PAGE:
Embracing Marc Chagall’s refugee Christ
If you hold your arms out like the crucified Jesus before you, you can just touch both edges of Marc Chagall’s Exodus (1952–66). It’s an intimidating canvas to stand before, not just because of its size (51 x 64 in.) but also because of its composition. Two radical decisions stand out right away. First, Chagall chooses Jesus, rather than Moses, to preside over Israel’s flight from Egypt. Second, he inverts the traditional orientation of the scene so that we, the viewers, are not running with the people of Israel toward the Red Sea. Instead we are looking at them from the perspective of the sea itself. In a sense, we are the sea. The people are running directly at us.
This perspective confronts any viewer of the image with a crisis: If we are the sea, will we part and let this endangered people pass on dry land? Will we welcome those running toward us, or will we crash down on them with violence?
The outcome in the world depicted on the canvas is not at all certain. This is not a typical exodus image of deliverance and celebration. Here instead is a world of dimly lit panic—of houses on fire, of women wailing with and for children, of men shouldering hurriedly packed sacks of treasured possessions, provisions, and even pets. It is an image not unlike those coming out of Ukraine, where the chaos of war threatens to blur the unique contours of each family’s tragic circumstance. Simply put, what we see on Chagall’s canvas does not map immediately or simply onto the exodus story we know.
There’s an important reason for that: the ancient exodus of the Israelites is not the only exodus Chagall is depicting.
After World War II, a Zionist group bought an old coastal packet ship from the United States and renamed it the Exodus 1947. In 1947 the ship transported more than 4,000 displaced Jewish Holocaust survivors from France to British-controlled Palestine. While the ship was still far from shore, it was surrounded by British destroyers, refused entry, and rerouted back to France. Once there, the passengers refused to disembark and staged a hunger strike instead. This lasted more than three weeks. The French authorities were unwilling to remove them by force, so eventually the British rerouted them again, this time to Hamburg, then under British control—where, to add bitter irony to their plight, the refugees were held in camps on German soil.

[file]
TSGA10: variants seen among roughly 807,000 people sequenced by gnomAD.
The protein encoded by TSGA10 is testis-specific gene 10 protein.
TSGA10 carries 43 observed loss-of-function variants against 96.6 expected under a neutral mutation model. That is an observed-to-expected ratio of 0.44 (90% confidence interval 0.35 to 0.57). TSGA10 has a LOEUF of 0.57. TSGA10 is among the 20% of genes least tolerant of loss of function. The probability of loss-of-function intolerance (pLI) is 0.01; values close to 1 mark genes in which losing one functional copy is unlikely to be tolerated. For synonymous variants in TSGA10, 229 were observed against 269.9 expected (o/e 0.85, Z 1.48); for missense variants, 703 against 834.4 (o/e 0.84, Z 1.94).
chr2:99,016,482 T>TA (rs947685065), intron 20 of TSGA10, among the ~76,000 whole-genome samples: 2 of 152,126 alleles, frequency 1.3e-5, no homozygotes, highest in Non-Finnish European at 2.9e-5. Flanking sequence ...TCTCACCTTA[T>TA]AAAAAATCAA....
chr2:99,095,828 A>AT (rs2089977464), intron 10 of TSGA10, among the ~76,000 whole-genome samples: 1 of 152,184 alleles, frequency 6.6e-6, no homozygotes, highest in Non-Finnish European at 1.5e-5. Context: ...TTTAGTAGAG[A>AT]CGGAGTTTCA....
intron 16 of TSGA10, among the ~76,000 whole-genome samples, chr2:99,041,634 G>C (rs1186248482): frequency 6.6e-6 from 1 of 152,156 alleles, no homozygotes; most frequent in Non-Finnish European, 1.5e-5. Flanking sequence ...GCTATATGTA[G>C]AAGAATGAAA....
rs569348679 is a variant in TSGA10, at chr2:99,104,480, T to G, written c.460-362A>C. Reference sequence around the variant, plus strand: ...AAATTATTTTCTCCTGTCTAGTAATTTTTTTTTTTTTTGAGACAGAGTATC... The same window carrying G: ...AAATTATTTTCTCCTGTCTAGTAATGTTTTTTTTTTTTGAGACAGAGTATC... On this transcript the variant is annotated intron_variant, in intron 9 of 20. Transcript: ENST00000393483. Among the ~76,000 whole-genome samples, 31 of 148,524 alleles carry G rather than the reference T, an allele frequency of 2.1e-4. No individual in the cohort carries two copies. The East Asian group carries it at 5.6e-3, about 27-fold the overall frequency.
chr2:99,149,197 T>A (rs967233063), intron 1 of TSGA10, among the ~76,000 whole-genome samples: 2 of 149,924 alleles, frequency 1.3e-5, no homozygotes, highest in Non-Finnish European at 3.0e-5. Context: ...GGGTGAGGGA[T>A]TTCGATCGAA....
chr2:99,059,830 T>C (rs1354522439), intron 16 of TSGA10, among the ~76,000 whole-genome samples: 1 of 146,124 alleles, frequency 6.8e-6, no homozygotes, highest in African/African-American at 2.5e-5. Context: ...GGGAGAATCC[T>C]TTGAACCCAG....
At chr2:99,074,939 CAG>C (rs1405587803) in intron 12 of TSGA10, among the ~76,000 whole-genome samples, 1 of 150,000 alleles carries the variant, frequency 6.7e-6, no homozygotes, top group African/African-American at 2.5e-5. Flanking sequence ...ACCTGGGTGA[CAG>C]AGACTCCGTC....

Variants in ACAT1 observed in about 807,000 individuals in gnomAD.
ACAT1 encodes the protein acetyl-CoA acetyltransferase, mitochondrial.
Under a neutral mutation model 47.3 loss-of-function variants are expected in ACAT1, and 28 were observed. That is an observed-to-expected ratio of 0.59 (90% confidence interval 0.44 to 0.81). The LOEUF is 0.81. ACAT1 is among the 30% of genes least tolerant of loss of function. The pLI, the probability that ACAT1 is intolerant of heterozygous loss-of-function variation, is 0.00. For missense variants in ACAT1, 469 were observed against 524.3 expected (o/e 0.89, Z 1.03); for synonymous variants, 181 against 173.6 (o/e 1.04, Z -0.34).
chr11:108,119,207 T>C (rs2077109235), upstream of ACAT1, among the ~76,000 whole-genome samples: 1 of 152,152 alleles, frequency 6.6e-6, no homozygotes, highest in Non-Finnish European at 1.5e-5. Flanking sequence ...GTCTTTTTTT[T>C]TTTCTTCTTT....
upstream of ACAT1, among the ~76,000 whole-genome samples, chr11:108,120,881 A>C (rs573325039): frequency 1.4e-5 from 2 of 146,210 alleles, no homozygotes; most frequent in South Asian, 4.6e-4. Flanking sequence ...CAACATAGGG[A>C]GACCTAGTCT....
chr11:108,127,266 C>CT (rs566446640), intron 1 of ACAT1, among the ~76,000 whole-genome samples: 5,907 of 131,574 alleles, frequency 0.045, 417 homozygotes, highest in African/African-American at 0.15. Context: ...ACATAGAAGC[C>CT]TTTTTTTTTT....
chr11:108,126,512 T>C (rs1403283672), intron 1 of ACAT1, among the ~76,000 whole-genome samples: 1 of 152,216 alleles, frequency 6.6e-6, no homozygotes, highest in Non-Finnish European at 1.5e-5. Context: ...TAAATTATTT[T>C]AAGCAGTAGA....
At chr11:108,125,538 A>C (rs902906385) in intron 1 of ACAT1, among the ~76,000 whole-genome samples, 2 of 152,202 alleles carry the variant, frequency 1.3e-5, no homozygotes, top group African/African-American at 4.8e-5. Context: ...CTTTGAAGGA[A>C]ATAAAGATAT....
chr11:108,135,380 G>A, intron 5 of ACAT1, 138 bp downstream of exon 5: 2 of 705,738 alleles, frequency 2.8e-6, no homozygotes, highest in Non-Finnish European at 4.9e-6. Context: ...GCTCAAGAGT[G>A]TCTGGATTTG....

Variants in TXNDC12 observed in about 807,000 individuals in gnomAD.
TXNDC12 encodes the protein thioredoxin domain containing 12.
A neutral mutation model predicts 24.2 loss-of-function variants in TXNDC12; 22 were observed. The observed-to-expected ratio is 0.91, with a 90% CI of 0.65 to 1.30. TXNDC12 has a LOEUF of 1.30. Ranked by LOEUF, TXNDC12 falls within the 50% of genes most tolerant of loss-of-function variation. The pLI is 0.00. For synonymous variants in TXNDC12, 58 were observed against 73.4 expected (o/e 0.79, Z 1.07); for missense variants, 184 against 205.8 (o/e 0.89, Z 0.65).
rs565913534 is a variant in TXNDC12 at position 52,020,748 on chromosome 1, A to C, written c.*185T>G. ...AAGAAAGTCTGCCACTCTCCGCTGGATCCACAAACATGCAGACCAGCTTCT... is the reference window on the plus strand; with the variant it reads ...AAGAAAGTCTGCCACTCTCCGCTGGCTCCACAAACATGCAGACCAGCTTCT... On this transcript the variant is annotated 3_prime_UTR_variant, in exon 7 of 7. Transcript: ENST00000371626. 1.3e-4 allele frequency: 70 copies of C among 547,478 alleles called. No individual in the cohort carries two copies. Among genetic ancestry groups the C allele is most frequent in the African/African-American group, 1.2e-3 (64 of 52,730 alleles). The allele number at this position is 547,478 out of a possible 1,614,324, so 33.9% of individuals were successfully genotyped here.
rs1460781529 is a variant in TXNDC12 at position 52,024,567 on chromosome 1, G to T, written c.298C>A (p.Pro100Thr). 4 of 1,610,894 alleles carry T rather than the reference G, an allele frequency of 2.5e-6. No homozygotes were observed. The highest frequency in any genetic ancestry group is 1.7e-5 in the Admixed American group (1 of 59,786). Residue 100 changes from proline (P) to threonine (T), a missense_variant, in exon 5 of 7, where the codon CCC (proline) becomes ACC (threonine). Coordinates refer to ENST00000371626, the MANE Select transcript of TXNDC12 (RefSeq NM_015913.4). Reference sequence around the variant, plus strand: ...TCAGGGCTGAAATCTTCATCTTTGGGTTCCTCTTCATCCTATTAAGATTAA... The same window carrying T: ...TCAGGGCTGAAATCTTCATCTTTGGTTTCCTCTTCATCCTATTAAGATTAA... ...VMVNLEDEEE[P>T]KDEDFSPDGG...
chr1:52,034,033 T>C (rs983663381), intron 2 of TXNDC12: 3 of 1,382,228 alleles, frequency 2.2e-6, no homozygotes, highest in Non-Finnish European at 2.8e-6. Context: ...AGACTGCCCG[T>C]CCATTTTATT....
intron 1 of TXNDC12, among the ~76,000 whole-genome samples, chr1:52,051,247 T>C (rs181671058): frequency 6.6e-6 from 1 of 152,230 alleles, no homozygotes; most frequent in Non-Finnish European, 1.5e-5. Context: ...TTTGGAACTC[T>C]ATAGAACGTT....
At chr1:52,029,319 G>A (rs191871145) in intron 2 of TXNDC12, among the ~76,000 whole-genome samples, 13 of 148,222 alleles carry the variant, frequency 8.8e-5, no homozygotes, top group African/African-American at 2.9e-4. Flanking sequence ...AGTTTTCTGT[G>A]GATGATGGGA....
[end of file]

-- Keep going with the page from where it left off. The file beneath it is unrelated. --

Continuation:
All of a sudden it’s clear we are not looking solely at a biblical scene—we’re looking at a Holocaust painting. A whirling grandfather clock has collapsed one event into another, like a Passover liturgy in paint. We can be confident Chagall knew of this event because another canvas of his, The Boat Exodus (1948), directly depicts it. But even in this later canvas he paints a ship in the upper left corner. We also see the too common Holocaust image of a shtetl set aflame. For Chagall, these terrified masses aren’t just ancient Israelites, they are his currently suffering Jewish kin.
And here’s where Jesus becomes important. His presence accomplishes two things at once for Chagall. For his Jewish audience, Chagall finds in Jesus a powerful symbolic shorthand for expressing solidarity with Jewish suffering. Chagall said that Jesus “symbolized the true type of Jewish martyr,” and he frequently (though not here) depicts the crucified Jesus wearing a black-and-white tallit (prayer shawl), sometimes even phylacteries. Jesus is not, for Chagall, the Christian Messiah but a brother Jew who died for his beliefs.
But Chagall’s image says something much more pointed to his Western Christian audience: if Jesus is an archetype of Jewish suffering, then the person you claim to be God is actually the refugee you are refusing entry. The Jews you have killed or interned in camps are this Christ that you supposedly worship. Chagall is cleverly using a Christian image to combat Christian antisemitism, to unveil the hypocritical logic behind whom Western Christians do and don’t decide to welcome. You can’t say you love Jesus with your lips and then hate Jewish people with your actions.
If Chagall’s The Boat Exodus communicates this sharply and specifically to the British people who denied entry to Holocaust survivors in 1947, his later Exodus—grander in both artistic achievement and literal size—strikes the same note and then transforms it into a symphony that resounds through the decades. For you and me, the question is no longer, Will we welcome these endangered people? but rather, Will we welcome Christ himself? Not, Will we welcome the wailing mothers and their children? but instead, Will we receive the Madonna and child? Chagall positions them front and center, even depicting Mary in blue.